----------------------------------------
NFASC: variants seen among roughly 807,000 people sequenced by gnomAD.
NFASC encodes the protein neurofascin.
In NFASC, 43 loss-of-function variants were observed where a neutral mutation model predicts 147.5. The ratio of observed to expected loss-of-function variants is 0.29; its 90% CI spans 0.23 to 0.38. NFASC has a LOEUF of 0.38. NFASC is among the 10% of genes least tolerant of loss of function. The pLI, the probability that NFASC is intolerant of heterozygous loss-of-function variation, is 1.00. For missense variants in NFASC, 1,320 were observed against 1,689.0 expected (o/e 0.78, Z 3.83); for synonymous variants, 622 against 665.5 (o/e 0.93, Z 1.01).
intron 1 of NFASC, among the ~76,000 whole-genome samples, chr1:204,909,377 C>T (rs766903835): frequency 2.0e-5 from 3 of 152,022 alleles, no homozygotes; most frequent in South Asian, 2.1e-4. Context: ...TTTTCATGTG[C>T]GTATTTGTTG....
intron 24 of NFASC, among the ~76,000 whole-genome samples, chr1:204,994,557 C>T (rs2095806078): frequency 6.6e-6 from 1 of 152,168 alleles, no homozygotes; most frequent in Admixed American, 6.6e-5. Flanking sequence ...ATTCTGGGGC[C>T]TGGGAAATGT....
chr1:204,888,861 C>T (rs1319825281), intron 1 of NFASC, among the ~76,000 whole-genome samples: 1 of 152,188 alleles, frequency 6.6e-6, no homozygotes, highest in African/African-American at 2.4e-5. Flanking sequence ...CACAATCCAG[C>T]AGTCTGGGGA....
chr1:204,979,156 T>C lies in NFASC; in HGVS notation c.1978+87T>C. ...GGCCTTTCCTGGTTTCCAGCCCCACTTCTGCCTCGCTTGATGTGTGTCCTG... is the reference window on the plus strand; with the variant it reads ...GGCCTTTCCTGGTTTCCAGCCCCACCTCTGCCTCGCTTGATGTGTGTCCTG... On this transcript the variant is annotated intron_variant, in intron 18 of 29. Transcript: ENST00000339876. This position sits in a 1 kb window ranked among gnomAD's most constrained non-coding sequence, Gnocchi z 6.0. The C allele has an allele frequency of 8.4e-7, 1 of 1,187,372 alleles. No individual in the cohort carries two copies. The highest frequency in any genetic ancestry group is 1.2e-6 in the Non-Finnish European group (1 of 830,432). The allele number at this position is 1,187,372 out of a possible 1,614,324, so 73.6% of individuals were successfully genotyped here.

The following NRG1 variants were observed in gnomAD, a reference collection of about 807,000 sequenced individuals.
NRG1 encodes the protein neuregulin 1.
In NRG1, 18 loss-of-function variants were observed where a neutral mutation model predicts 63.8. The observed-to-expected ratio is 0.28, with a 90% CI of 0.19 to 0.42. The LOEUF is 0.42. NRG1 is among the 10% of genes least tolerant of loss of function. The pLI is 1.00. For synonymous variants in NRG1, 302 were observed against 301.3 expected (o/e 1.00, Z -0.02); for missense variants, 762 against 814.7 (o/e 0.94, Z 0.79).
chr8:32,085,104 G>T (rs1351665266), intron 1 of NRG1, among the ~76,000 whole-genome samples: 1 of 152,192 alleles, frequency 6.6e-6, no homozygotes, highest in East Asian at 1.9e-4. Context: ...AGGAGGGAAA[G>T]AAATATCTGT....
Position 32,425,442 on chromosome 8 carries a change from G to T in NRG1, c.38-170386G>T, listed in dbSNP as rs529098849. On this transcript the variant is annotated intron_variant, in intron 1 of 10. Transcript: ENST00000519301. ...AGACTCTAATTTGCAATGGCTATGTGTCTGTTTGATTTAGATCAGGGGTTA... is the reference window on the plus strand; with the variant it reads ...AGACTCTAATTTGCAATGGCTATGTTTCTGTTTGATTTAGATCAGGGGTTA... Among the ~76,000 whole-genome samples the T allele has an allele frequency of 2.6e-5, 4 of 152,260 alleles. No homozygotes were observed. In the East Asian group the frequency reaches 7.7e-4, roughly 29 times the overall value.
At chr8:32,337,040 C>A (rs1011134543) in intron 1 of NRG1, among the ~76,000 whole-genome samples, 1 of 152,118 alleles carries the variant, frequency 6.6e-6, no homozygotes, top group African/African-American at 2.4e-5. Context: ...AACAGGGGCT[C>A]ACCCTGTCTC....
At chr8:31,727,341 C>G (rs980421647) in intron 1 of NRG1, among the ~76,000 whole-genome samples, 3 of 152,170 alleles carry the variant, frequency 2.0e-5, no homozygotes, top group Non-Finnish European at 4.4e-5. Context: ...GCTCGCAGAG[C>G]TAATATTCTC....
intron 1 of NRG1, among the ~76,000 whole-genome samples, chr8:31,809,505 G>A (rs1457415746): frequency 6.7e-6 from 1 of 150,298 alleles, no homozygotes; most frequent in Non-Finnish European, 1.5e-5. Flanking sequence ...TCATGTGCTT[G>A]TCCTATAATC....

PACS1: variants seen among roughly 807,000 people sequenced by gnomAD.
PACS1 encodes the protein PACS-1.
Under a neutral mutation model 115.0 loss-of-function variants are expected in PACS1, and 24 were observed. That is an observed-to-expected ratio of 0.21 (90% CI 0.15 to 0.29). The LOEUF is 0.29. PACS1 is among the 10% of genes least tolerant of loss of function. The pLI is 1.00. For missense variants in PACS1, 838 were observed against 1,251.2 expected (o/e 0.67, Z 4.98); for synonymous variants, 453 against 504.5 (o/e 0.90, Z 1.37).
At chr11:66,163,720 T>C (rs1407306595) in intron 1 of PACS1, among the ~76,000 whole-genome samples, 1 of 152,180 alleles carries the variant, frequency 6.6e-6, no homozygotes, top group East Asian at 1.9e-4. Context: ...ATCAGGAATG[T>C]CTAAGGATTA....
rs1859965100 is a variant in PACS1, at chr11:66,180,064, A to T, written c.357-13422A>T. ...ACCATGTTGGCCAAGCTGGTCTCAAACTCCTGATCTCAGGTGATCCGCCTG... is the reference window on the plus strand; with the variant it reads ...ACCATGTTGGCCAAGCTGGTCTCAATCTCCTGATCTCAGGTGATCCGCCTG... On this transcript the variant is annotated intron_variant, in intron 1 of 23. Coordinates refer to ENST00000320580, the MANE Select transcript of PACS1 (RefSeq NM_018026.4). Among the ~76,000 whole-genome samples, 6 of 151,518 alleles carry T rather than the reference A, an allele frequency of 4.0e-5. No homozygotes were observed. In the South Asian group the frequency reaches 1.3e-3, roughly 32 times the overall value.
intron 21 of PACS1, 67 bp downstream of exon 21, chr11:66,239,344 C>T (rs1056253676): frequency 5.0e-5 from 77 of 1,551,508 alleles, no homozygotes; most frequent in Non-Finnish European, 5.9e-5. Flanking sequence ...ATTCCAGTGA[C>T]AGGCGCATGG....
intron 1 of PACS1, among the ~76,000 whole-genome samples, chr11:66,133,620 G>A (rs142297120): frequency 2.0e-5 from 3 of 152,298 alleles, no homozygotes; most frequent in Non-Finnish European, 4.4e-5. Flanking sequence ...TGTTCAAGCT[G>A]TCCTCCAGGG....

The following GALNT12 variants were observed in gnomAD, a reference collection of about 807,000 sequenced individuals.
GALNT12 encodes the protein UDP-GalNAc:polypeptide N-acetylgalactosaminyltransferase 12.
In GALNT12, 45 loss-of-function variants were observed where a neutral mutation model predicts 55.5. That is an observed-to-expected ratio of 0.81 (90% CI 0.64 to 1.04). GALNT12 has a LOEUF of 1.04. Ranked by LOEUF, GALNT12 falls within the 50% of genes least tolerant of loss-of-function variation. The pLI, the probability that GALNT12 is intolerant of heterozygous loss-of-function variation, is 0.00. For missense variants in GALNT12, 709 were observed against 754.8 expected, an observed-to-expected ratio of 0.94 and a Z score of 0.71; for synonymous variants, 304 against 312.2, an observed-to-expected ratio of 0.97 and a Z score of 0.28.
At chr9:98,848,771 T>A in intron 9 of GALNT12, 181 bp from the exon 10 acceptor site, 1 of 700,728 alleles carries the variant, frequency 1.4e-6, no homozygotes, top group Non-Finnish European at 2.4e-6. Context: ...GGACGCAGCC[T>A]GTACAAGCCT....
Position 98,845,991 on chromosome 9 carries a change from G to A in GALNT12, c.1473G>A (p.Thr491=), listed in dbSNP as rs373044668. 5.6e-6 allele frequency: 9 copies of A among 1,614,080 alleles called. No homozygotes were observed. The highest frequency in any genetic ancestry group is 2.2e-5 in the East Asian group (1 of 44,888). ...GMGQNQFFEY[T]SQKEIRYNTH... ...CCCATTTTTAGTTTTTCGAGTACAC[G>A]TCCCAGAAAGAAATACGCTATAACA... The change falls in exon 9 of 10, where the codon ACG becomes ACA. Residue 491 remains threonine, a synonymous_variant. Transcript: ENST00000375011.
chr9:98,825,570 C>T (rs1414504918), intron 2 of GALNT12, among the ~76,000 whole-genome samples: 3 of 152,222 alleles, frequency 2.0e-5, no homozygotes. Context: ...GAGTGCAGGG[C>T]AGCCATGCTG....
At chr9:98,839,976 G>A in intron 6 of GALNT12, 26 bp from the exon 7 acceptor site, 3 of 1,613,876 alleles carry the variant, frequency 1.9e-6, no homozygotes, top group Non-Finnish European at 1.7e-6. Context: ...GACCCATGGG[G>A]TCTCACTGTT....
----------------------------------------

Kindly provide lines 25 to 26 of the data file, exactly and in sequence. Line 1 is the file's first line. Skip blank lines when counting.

In GALNT12, 45 loss-of-function variants were observed where a neutral mutation model predicts 55.5. That is an observed-to-expected ratio of 0.81 (90% CI 0.64 to 1.04). GALNT12 has a LOEUF of 1.04. Ranked by LOEUF, GALNT12 falls within the 50% of genes least tolerant of loss-of-function variation. The pLI, the probability that GALNT12 is intolerant of heterozygous loss-of-function variation, is 0.00. For missense variants in GALNT12, 709 were observed against 754.8 expected, an observed-to-expected ratio of 0.94 and a Z score of 0.71; for synonymous variants, 304 against 312.2, an observed-to-expected ratio of 0.97 and a Z score of 0.28.
At chr9:98,848,771 T>A in intron 9 of GALNT12, 181 bp from the exon 10 acceptor site, 1 of 700,728 alleles carries the variant, frequency 1.4e-6, no homozygotes, top group Non-Finnish European at 2.4e-6. Context: ...GGACGCAGCC[T>A]GTACAAGCCT....